WHAT is the point of Theresa May setting out her “Brexit vision”, and a range of senior Tory politicians with opposing opinions, making speeches saying what conditions and demands they want before the next round of negotiations begin next month (“Each side of Tory Brexit divide prepares to deliver major speeches”, The Herald, February 12)?

What the UK will get in the round of detailed trade talks is exactly what the EU is prepared to concede in its own interests, and nothing more. We are the member state that wishes to leave and there is no reason why the EU should lean over backwards to meet our wishes; in fact quite the opposite, if only to ensure that no other member might think of following our example.

In the three months of detailed talks in round one on just three specific matters, it was perfectly clear that David Davis had virtually no concessions of any significance from Michel Barnier, and it was only the Prime Minister’s intervention in the early hours of the final morning that achieved a modest deal that could be presented as a success. The forthcoming trade talks will be much tougher and more complicated, and yet the Tories are still at loggerheads with one another and the Cabinet does not appear to have anyconsensus.

The most important thing is not the survival of the Conservative Government; it is the long-term damage the British economy will suffer. As always, this will be felt not by those politicians making the decisions but by the millions of ordinary working people whose wages, working conditions and even employment prospects will be affected for many years to come.

We are about to throw away the most advantageous political and economic relationship Britain has enjoyed for a long time and that is not something to celebrate. I find it astonishing and disgraceful that a relatively small but vocal group of politicians seems so determined to inflict so much damage on the nation and the people they are supposed to represent and protect.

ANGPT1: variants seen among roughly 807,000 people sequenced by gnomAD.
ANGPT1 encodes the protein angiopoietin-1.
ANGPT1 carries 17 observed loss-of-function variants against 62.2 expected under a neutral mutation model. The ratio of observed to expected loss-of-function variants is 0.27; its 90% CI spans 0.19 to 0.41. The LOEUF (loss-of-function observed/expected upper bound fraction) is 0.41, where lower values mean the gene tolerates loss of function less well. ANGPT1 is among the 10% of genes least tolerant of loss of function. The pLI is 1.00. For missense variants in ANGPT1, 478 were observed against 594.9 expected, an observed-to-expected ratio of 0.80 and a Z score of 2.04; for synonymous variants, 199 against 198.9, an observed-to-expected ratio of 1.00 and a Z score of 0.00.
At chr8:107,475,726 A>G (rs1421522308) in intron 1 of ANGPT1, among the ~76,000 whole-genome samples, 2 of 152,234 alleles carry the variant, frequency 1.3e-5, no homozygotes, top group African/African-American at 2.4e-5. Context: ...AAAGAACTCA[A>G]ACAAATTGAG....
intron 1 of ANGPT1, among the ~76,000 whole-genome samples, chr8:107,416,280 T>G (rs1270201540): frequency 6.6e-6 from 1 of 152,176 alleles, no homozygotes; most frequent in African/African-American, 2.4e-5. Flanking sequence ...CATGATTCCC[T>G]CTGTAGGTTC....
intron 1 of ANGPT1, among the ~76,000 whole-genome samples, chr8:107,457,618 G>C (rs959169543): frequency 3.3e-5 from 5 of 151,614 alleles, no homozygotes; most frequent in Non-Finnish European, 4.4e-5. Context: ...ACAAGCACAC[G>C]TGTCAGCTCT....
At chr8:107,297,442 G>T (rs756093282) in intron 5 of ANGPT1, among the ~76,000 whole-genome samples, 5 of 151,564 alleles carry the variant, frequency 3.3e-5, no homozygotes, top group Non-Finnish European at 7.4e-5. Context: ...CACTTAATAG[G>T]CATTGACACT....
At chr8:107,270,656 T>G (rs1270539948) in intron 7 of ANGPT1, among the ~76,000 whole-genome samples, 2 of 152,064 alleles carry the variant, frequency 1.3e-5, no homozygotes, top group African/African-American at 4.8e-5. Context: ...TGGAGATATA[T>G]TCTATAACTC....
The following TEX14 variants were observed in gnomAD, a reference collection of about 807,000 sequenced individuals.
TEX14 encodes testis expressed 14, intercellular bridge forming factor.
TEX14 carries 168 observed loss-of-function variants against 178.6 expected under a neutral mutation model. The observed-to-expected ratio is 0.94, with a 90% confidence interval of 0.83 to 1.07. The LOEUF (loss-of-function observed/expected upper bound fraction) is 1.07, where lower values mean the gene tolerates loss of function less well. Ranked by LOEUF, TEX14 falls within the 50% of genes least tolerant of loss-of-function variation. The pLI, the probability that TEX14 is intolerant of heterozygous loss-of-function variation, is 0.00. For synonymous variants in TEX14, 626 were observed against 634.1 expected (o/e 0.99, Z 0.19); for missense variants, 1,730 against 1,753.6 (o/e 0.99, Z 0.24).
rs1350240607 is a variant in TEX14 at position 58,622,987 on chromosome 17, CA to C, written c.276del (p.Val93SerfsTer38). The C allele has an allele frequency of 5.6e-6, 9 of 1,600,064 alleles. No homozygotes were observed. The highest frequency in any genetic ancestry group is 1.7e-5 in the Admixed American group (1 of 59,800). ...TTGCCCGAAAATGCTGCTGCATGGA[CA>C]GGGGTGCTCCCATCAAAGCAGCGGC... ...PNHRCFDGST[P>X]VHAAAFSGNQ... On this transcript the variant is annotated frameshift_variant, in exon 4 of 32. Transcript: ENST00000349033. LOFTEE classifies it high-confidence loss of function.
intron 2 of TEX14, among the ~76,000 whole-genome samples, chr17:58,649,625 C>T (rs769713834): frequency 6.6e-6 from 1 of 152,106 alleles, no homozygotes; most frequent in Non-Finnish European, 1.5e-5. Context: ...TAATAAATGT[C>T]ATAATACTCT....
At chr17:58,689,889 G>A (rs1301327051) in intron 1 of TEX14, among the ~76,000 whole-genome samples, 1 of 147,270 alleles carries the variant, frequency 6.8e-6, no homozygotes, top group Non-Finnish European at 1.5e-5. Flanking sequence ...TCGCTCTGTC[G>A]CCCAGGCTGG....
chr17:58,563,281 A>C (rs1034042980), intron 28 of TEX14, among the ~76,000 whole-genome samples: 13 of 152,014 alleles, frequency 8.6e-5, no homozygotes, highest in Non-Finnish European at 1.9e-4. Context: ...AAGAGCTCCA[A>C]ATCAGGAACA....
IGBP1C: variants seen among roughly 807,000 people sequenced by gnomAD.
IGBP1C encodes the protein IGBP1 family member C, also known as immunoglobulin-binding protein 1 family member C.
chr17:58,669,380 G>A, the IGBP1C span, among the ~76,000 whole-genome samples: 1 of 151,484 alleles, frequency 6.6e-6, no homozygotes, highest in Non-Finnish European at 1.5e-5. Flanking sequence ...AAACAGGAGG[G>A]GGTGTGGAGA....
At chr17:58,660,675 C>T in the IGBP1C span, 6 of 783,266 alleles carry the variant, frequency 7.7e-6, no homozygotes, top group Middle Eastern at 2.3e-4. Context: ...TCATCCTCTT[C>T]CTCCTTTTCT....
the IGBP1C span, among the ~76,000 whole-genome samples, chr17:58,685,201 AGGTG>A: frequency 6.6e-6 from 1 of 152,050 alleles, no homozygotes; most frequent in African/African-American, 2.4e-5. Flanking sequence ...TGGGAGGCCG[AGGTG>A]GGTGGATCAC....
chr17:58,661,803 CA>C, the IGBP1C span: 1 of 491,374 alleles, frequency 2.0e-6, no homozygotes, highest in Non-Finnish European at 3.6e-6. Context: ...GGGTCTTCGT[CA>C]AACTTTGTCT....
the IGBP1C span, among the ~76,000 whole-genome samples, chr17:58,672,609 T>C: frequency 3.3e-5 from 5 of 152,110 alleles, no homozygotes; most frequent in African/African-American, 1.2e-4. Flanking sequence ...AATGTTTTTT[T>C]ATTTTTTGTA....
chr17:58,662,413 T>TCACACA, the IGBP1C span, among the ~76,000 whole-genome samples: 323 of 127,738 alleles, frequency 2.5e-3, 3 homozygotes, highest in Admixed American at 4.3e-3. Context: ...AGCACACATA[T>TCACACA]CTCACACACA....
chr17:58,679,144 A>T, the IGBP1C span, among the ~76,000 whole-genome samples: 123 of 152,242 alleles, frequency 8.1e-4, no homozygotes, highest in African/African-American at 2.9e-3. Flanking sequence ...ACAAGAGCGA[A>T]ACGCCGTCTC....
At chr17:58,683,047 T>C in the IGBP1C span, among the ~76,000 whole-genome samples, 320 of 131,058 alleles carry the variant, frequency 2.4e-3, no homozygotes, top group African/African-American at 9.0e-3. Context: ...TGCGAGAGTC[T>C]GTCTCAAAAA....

Iain AD Mann, 7 Kelvin Court, Glasgow.

JEREMY Corbyn again came to Scotland and failed to make any reference to our role as the site of all of the UK’s nuclear firepower and our position as one of the top military targets in Europe as a result of the Trident base (“Corbyn vows to invest in every part of nation and end blight”, The Herald, February 12). Nor does he refer to the billions of pounds which will be squandered on the new generation of nuclear weapons.

How much more infrastructure and social service investment could we have if this money were to be spent for peaceful purposes?

This is the man who prioritised the issue for decades until he was elected leader of the Labour party and now never mentions it.

His excuse is that Trident renewal is Labour party policy at present but that does not excuse the failure to campaign to change the policy.

With all of the party’s members, there should be a majority among them opposed to Trident or at the very least to Trident renewal. What happened to the defence review that EmilyThornberry, the shadow foreign secretary, was supposed to be leading?

Is his silence simply because he doesn’t want to challenge the GMB union or Unite in England? What does that say about integrity?

It is not as if this is a period when the nuclear threats are receding; on the contrary.

The recent American military posture review advocates the use of nuclear weapons to respond to “significant non-nuclear strategic attacks” and wants to deploy more “usable”’ lower-yield nuclear devices.

Nato has never committed to a no-first-use policy, unlike China, but it has been less provocative than this in recent years, at least in its language.

Is this US position the new Nato policy and does the SNP find this compatible with its support for Nato?

On this potentially lethal issue a very high cost could be the result of complacency.

Isobel Lindsay,

9 Knocklea Place,